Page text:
First use license and habitation certificate. Tomatoe, tomato. Are they the same thing?

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There are two documents which are essential before moving into a house in Spain. They are called first use license (“licencia de primera ocupación”) and habitation certificate (“cédula de habitabilidad”). These two documents sometimes have their own validity and in other occasions complement each other. It is difficult to summarize the requirements for these two documents because each region has its own legislation and also because they are very similar.

The First use license aims to check whether a property has been built according to the technical design and to the building permit. Once granted, it confirms that the construction has been built in accordance to the licence granted and the designs submitted at the Town Hall planning office. This licence is therefore vital for new properties or for properties that have been totally converted or with relevant major works. The person obliged to request this document is the holder of the planning and construction permit, generally the owner or the property developer.   It is an essential document required to apply for the provision of utility services, such as electricity and water and some regions in Spain demand this document prior to selling or letting a property.

In the most extreme cases, the absence of the said license could even imply a cause for the termination of a rental contract.  The lack of a first use licence can also prove a problem for an Estate Agent as he could be held liable for not checking this point and he could lose the right to receive his commission.

On the other hand, the Habitation Certificate is a document that certifies the minimum safety, health and occupation levels in a property in order to be dwelled. Furthermore it controls the minimum living surface and equipment in the property.

In certain areas like Cataluña, this document is compulsory and a property cannot be sold or let without it. In other areas, the first occupation licence covers the functions of the habitation certificate and therefore there is no need to obtain both. Depending on the kind of property and the place it is located, the expiration time will be different and will range from 6 months to 15 years. These are the reasons why it is advisable to verify this point before signing any contract or committing to the purchase of a specific property.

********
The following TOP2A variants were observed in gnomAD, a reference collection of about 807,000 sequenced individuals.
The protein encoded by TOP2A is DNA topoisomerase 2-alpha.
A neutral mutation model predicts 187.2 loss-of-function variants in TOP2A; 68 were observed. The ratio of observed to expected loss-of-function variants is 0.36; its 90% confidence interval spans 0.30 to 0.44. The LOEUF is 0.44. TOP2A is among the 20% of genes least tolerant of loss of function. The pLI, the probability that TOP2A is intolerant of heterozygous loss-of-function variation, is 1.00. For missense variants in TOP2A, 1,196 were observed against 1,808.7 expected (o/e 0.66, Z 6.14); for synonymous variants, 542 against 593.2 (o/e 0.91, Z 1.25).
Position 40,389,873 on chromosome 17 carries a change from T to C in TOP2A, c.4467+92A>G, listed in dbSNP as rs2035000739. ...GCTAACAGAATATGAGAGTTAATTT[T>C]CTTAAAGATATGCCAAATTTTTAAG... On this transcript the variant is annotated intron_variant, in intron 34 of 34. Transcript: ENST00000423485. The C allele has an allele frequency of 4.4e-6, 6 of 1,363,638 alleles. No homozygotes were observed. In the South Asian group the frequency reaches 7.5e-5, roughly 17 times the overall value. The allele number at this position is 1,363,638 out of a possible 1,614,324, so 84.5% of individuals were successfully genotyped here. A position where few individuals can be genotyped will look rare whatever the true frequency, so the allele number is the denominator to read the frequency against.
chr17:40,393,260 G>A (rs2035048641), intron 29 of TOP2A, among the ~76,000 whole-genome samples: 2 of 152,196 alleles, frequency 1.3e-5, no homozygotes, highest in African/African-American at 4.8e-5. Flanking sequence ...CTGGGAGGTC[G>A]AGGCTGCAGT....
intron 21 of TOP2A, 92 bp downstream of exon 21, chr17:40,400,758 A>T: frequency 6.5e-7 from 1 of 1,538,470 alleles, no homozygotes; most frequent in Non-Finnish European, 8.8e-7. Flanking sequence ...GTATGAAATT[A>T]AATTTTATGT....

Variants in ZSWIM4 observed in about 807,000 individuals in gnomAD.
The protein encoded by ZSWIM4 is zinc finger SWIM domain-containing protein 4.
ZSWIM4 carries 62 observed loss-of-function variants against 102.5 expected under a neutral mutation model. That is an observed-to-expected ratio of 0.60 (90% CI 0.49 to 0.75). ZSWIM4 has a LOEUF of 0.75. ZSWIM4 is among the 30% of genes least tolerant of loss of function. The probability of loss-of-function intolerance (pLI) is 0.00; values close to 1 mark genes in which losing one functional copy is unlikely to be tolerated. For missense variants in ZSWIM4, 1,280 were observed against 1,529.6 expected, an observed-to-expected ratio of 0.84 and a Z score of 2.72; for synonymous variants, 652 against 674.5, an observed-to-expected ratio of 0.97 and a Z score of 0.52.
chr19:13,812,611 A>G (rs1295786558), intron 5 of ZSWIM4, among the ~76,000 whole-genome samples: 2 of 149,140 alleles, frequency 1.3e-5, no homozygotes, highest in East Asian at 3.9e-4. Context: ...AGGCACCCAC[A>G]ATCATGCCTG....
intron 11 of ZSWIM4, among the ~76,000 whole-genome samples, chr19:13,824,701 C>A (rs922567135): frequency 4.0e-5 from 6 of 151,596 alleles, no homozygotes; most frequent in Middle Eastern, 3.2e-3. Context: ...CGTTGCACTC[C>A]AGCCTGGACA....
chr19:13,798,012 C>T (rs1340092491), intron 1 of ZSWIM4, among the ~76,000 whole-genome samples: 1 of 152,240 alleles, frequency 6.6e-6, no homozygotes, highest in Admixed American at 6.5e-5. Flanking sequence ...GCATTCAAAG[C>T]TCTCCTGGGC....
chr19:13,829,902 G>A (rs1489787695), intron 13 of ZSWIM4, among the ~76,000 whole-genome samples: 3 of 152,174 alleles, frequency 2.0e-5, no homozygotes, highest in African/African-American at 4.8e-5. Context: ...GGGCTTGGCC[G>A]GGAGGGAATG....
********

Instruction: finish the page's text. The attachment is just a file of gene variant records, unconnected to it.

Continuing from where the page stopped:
Obtaining this document is not complicated. If the seller does not have the document you must ask the seller to supply it before completion. If this is not possible and you are prepared to take the risk of completing without the habitation certificate in place, you must sort it after completion. The best way to do it is by contacting an Architect and requesting him or her for a certificate which will have to be endorsed by the Professional College of Architects. The Architect will inspect the property and verify that the property meets the regulations. It may be the case that someone appointed by the Town Hall also inspects the property prior to issuing the certificate of habitation, although this is not necessarily the case.  Once you have the Architect’s certificate, you have to present it before the corresponding public administration, together with the documentation required. Then, eventually, a certificate of habitation will be issued.

As indicated, these are vital documents that need to be requested prior to buying a property in Spain. Each region has its own intricacies but in general terms most of the regions in Spain request the existence of a document certifying the habitability of a property. These could mean both the First use licence and the habitation certificate or just one of them. When in doubt, the best thing is to seek independent legal advice as the lack of such a document could imply that the property is illegal and non-habitable.